Tags: ballistic missiles, Iran
Comes word over-night of an apparently successful attempt by Iran to place a satellite in orbitusing the Safir-2 space launch vehicle (SLV). The Safir (“Ambassador”) was ingeniously developed as part of Iran’s growing rocket and missile program and has direct links to its attempts to develop extended range missiles in the IRBM and ultimately, ICBM range. Periodicity of the satellite, named “Omid” (“Hope”) is said to be 14 orbits in every 24-hrs according to IRNA, Iran’s press agency.
While congratulations are presumably in order for this accomplishment, one must step back and review its implications. Begin here – as we have previously looked at regional implications of a successful Iranian space-launch and Iranian intransigence on the nuclear front, especially where Israel is concerned. While one presumably successful space launch (still awaiting independent confirmation) does not a missile force make, the fact that the Iranian program marks this success, that it is outside the Missile Technology Control Regime (MTCR) and is known to have strong ties with the North Korean and Syrian programs, bodes ill for future proliferation schemes. As the US and its European partners gather this week to review the way ahead for continued engagement regarding Iran’s nuclear program, this shot, coming on the eve of that meeting and near the 30th anniversary of the Iranian Revolution should give the assembled party pause to consider just what are Iran’s intentions, particularly vis-a-vis negotiated agreements and arms control.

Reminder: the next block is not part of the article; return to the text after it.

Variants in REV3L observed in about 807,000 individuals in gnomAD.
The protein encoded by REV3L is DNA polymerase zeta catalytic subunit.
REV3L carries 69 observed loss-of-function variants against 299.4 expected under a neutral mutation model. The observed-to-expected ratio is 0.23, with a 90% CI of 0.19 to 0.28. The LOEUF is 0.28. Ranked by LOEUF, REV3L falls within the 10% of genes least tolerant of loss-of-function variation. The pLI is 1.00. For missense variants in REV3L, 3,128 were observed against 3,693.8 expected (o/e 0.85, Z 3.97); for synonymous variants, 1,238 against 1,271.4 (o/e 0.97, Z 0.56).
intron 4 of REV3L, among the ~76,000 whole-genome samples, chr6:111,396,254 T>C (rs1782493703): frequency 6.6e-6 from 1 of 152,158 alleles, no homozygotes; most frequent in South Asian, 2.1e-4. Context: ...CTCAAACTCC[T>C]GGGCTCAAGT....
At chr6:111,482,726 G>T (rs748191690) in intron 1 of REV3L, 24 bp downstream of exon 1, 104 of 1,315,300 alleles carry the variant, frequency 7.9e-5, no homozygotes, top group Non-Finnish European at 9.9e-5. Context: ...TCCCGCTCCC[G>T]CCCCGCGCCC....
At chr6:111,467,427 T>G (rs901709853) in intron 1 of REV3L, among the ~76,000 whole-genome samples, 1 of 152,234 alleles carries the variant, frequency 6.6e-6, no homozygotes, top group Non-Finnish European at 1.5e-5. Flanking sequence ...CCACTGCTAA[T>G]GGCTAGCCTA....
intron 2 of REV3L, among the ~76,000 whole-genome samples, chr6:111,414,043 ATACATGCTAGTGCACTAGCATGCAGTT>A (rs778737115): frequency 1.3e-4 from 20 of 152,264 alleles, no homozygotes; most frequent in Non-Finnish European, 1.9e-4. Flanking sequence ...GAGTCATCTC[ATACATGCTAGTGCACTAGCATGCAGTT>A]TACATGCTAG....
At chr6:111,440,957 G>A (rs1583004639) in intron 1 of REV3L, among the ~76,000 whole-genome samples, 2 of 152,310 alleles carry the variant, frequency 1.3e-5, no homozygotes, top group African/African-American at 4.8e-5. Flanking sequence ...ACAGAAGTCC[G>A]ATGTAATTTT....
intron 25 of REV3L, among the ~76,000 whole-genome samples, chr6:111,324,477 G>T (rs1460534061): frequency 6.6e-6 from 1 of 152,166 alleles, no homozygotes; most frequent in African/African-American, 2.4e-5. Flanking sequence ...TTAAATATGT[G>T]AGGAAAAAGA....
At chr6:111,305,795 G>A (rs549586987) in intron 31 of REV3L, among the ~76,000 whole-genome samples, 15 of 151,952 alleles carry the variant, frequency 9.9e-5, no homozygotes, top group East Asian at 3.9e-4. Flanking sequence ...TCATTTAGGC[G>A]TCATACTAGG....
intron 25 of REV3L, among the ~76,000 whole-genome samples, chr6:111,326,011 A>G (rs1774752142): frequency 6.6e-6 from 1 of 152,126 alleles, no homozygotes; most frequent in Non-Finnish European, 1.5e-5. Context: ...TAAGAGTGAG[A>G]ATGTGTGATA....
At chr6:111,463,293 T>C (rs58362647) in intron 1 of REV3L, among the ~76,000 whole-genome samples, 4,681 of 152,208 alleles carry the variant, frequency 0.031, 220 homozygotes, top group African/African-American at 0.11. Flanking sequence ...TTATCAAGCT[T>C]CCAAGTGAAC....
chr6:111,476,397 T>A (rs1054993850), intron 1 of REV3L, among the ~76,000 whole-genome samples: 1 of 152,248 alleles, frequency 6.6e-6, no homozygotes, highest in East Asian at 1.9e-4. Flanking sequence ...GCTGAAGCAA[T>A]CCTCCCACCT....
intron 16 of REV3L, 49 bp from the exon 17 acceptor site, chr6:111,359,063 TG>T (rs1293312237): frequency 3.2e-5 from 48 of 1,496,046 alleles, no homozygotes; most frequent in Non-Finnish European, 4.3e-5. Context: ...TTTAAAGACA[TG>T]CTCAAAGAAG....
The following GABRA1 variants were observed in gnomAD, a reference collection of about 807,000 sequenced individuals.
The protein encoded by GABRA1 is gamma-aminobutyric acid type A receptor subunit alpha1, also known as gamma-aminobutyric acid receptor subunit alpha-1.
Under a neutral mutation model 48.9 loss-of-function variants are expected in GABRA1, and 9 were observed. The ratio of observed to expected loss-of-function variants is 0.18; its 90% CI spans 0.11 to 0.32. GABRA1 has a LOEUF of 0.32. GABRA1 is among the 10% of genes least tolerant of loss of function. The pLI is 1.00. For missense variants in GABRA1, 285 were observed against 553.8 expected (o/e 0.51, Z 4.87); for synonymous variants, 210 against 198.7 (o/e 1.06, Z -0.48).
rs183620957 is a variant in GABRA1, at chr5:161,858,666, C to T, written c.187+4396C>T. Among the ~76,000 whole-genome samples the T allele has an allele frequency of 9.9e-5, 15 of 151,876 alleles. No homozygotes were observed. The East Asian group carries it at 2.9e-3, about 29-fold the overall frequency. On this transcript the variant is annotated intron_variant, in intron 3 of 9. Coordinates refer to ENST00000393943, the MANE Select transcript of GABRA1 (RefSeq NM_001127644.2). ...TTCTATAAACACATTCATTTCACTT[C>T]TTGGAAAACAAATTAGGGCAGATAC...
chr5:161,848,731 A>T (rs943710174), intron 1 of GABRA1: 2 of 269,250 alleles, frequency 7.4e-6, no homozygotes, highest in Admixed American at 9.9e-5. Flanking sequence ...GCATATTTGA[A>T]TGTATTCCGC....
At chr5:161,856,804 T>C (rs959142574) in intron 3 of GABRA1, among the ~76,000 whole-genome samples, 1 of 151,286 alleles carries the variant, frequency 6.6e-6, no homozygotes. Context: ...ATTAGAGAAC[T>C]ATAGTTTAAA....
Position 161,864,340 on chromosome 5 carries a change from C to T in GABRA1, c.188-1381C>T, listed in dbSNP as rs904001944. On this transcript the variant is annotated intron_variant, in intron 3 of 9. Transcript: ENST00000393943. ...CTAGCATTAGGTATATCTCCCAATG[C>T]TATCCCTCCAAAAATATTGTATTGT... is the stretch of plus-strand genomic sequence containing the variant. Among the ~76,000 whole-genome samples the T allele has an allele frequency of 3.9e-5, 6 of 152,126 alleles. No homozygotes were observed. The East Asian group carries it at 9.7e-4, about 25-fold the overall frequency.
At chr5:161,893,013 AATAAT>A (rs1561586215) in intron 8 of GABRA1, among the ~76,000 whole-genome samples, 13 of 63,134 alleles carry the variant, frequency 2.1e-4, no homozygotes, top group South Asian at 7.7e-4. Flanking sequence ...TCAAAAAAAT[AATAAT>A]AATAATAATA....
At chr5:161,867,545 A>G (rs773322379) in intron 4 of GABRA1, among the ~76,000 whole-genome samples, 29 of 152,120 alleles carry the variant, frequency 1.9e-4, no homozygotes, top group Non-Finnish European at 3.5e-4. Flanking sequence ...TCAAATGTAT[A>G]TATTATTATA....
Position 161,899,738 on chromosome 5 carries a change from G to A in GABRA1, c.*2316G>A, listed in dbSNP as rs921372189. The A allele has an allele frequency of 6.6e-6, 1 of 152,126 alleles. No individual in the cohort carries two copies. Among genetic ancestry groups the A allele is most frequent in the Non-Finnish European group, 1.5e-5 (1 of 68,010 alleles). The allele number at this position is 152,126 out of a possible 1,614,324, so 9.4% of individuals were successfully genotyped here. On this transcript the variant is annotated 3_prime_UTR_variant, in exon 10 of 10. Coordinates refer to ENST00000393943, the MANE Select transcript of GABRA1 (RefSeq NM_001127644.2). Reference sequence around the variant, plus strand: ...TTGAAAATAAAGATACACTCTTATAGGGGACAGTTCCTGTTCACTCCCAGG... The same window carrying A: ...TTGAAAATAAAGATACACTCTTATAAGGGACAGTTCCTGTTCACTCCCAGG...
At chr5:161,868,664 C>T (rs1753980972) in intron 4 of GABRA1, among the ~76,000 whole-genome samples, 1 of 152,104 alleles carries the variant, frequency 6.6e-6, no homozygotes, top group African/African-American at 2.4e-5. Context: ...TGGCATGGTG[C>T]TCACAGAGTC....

In 1985, then speaker of the Iranian Parliament, Hashemi-Rafsanjani stated that acquisition of a viable ballistic missile force was a national priority and Iran would become “…a missile power second only to the superpowers.” As the primary supplier of material and technical assistance to Hamas’ rocket campaign against Israel, as a nation that went from zero capability to conducting operational launches against Iraq during the war of the cities in less than two months in early 1985 and now as one that has joined the handful of other states to have built and launched an indigenous space launch vehicle while actively blocking inspection of its nuclear program, Iran’s challenge to regional peace and stability has just been ratcheted up another notch. Not just Israel, but now Europe, especially the southern tier should and must be more aware of the implicit threat embodied in yesterday’s event.
From Norbert Brugge’s excellent space vehicle site are a large collection of photos of the Safir as released by IRNA. Note the size/scale of the missile compared to the nearby humans.
Arms Control Wonk has analyses of the initial orbital parameters as well as a graphic here and here. See especially the comments – some rudimentary (back of the envelope) calculations seem to yield a range of 2500 km w/a 1,000 kg payload (representative nuke payload).
Finally, apropos the significance of this event in the larger scheme of things, comes this observation in an editorial column in today’s Ria Novosti:
The first sputnik was designed to distract a government that was bent on nuclear arms development.
The effect exceeded all expectations, but that is a different story…
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